At my anti-aging clinic, I continue to wage war against what I call the “medical-industrial complex.” And I do it for one reason only – I care more about my patients than I do about profits. Big Pharma clearly takes the opposite view. And now it seems these pharmaceutical behemoths won’t be happy until every man, woman and child is popping anti-cholesterol pills. Researchers at Duke University recently issued a report recommending that even children and people as young as 30 should be on statins, if they have just slightly elevated cholesterol levels.1 And why wouldn’t researchers at Duke reco...
Source: Al Sears, MD Natural Remedies - February 3, 2015 Category: Complementary Medicine Authors: Dr. Al Sears Tags: Heart Health Source Type: news

Sunshine and Telomeres
A warm sunny day … what could feel better? Yet the warm sun on our skin that we all crave gets a lot of bad press from the medical establishment. Far from being a source of illness that will kill you before your time, the sun is your best hope to live longer and prevent illness. Did you know, for example, that people living in places that get more of the sun’s UV radiation have the lowest incidence of cancer?1 That doesn’t mean sunlight lowers the “risk” of getting cancer. Getting more sunlight keeps people from actually getting cancer. Studies show sunlight prevents skin cancer, prostate2 ca...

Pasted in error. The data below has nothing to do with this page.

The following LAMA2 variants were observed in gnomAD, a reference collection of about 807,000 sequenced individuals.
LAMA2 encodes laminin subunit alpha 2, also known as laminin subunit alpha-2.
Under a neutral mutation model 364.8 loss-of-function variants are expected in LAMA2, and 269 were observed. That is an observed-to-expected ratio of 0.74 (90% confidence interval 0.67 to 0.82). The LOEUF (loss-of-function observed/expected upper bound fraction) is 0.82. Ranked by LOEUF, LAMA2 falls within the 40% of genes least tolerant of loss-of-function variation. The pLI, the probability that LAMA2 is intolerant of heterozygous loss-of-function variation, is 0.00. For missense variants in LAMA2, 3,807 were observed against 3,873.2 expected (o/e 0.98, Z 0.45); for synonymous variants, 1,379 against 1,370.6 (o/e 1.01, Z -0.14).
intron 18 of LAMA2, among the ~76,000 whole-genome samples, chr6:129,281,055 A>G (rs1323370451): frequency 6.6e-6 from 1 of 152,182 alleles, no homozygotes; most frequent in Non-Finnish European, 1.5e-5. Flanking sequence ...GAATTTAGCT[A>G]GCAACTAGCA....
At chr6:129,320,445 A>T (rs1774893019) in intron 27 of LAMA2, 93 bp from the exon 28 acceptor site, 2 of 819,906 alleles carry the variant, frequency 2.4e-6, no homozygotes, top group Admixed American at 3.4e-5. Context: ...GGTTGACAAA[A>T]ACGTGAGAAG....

Source: Al Sears, MD Natural Remedies - January 23, 2015 Category: Complementary Medicine Authors: Dr. Al Sears Tags: Anti-Aging telomerase telomeres vitamin D Source Type: news

Dare to Be 100: Fat, Carbs, Calories
These three items were the centerpiece of my early science life. I wrote my honors thesis at Williams College about arteriosclerosis which at that time was considered to be heavily influenced by dietary fat. Then after medical school I entered a wonderful time of life learning much about F, Cs, and Cs. The 1960s overflowed. The high point of those years was those spent in the intellectual and physical embrace of two multi-million dollar research grants from the NIH. The first dealt with the control of cholesterol synthesis, and the second "The Effect of Diet on the Metabolism of Fat In Man." This second grant su...
Source: Healthy Living - The Huffington Post - January 23, 2015 Category: Consumer Health News Source Type: news

Ask Well: Blockages in the Heart and Brain
A reader asks: Why do people get blockages in the arteries of the heart and brain, but rarely in other organs? (Source: NYT Health)
Source: NYT Health - January 5, 2015 Category: Consumer Health News Authors: By ANAHAD O'CONNOR Tags: Heart Body Brain Stroke Arteriosclerosis and Atherosclerosis Featured Source Type: news

Ask Well: Blockages in the Heart and Brain
A reader asks: Why do people get blockages in the arteries of the heart and brain, but rarely in other organs? (Source: NYT)